FIG. 3C is a schematic of a DSP element or a DSP slice 212-2 of FIG. 3A of one embodiment of the present invention. For ease of reference like labels are used in FIGS. 3B and 3C to represent like items. A multiplexer 358 selects 18-bit B input data or 18-bit IUC data from an upstream BREG (B register). The output of multiplexer 358 is stored in a BREG 360, i.e., a cascade of zero, one or more registers. The output of BREG 360 may be sent to a downstream slice via IDC or used as a first input into Booth/Array reduction unit 364 or both. 18-bit A input data is received by AREG (A register) 362, i.e., a cascade of zero, one or more registers, and the output of AREG 362 may be concatenated with the output of BREG 360 (A:B) to be sent to an X multiplexer (XMUX) 370 or used as a second input into Booth/Array reduction unit 364 or both. Booth/Array reduction unit 364 takes a 18-bit multiplicand and a 18-bit multiplier input and produces two 36-bit partial product outputs which are stored in MREG 368, i.e., one or more registers. The first 36-bit partial product output of the two partial product outputs is sent to the X multiplexer (XMUX) 370 and the second 36-bit partial product output of the two partial product output is sent to a Y multiplexer (YMUX) 372. These two 36-bit partial product outputs are added together in adder/subtractor 382 to produce the product of the 18-bit multiplicand and 18-bit multiplier values stored in AREG 362 and BREG 360. In an alternative embodiment the Booth/Array reduction unit 364 is replaced with a multiplier that receives two 18-bit inputs and produces a single 36-bit product, that is sent to either the XMUX 370 or the YMUX 372.
In FIG. 3C there are three multiplexers, XMUX 370, YMUX 372, and ZMUX 374, which have select control inputs from OpMode register 310-2. OpMode register 310-2 is typically written to at the clock speed of the programmable fabric in full operation. The XMUX 370 selects at least part of the output of MREG 368 or a constant “0” or 36-bit A:B or the 48-bit feedback ACC from the output OUT of multiplexer 386. The YMUX 372 selects at least another part of the output of MREG 368, a constant “0”, or a 48-bit input of C data. The ZMUX 374 selects the 48-bit input of C data, or a constant “0”, or 48-bit UOC data from an upstream slice (17-bit right shifted or un-shifted) or the 48-bit feedback from the output OUT of multiplexer 386 (17-bit right shifted or un-shifted). The right shift is an arithmetic shift toward the LSB with sign extension. Multiplexers XMUX 370, YMUX 372, and ZMUX 374 each send a 48-bit output to adder/subtractor 382, which includes a carry propagate adder. Carry-in register 380 gives a carry-in input to adder/subtractor 382 and subtract register 378 indicates when adder/subtractor 382 should perform addition or subtraction. The 48-bit output of adder/subtractor 382 is stored in PREG 384 or sent directly to multiplexer 386. The output of PREG 384 is connected to multiplexer 386. The output of multiplexer 386 goes to output OUT which is both the output of slice 212-2 and the output to a downstream slice. Also OUT is fed back to XMUX 370 and to ZMUX 374 (i.e., there are two ACC feedback paths). In one embodiment, selection ports of multiplexers 358 and 386 are each connected to one or more configuration memory cells which are set or updated when the configuration memory for the FPGA is configured or reconfigured. Thus the selections in multiplexers 358 and 386 are controlled by logic values stored in the configuration memory. In an alternative embodiment, multiplexers 358 and 386 selection ports are connected to the general interconnect and may be dynamically modified.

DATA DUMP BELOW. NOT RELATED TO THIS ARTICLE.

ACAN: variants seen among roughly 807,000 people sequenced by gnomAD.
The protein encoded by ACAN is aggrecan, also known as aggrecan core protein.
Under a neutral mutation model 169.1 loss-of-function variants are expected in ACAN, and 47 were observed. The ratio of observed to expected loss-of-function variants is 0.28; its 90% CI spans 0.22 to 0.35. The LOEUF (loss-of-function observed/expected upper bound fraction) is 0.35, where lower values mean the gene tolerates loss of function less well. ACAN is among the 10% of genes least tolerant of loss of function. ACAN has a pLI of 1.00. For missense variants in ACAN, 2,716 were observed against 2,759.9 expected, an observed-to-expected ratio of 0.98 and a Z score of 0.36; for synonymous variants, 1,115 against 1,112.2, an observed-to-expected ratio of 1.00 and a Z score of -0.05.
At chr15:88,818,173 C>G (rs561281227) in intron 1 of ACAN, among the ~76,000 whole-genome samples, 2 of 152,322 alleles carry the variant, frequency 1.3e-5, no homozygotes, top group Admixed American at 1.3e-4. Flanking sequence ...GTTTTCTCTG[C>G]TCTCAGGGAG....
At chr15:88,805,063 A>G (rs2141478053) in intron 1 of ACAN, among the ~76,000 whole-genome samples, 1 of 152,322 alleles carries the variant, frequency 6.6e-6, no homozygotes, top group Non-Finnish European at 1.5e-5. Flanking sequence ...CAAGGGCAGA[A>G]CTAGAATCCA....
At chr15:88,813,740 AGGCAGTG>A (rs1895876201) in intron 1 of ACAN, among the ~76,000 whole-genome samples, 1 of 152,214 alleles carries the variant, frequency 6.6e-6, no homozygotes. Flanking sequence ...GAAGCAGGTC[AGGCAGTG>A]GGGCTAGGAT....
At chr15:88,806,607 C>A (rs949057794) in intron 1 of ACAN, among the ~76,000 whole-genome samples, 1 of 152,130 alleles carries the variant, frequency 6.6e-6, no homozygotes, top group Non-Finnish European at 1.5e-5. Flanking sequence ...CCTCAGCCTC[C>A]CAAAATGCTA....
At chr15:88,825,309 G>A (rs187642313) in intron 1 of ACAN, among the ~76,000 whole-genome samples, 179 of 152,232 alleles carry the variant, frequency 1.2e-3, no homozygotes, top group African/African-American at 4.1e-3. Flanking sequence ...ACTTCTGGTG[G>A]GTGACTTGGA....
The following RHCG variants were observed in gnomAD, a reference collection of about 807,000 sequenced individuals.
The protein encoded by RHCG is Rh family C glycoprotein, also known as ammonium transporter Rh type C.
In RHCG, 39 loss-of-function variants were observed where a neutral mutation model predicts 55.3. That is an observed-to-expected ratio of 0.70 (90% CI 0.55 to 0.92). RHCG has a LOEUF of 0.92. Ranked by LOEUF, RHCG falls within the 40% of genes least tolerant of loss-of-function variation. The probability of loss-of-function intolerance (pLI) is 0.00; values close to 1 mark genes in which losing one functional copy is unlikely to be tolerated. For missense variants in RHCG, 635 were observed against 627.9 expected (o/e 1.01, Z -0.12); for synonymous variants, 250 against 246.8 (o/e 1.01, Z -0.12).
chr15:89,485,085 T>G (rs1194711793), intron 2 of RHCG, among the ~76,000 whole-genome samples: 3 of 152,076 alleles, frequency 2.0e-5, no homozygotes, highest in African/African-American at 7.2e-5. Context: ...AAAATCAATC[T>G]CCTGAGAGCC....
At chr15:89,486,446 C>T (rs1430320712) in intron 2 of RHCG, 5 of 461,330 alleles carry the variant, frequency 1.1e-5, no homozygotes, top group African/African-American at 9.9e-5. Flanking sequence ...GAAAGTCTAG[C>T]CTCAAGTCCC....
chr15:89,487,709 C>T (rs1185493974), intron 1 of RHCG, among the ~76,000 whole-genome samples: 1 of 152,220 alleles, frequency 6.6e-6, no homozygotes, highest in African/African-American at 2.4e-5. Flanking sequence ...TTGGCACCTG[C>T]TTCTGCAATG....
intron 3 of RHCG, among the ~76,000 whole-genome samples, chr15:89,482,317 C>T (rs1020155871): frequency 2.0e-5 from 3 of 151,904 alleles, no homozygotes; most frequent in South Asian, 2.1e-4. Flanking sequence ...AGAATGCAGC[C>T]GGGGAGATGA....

FIG. 3D is a schematic of a DSP slice 212-2 of FIG. 3A of another embodiment of the present invention. FIG. 3D is similar to FIG. 3C except that the Booth/Array Reduction 364 and MREG 368 are omitted. Hence FIG. 3D shows an embodiment of a slice without a multiplier.
FIG. 3E is a block diagram of a DSP tile of yet another embodiment of the present invention. DSP tile 205 has two elements or slices 390 and 391. In alternative embodiments a DSP tile may have one, two, or more slices per tile. Hence the number two(2) has been picked for only some embodiments of the present invention, other embodiments may have one, two or more slices per tile. Since DSP slice 391 is substantially the same or similar to DSP slice 390, only the structure of DSP slice 390 is described herein. DSP slice 390 includes optional pipeline registers and routing logic 392 which receives three data inputs A, B, and C from other circuitry on the IC, and one IUC data input from the IDC of DSP slice 391. Optional pipeline registers and routing logic 392 sends an IDC signal to another downstream slice (not shown), a multiplier and a multiplicand output signal to multiplier 393, and a direct output to routing logic 395. The routing logic 392 determines which input (A, B, C) goes to which output. The multiplier 393 may store the multiplier product in optional register 394, which in turn sends an output to routing logic 395. In this embodiment, the multiplier outputs a completed product and not two partial products.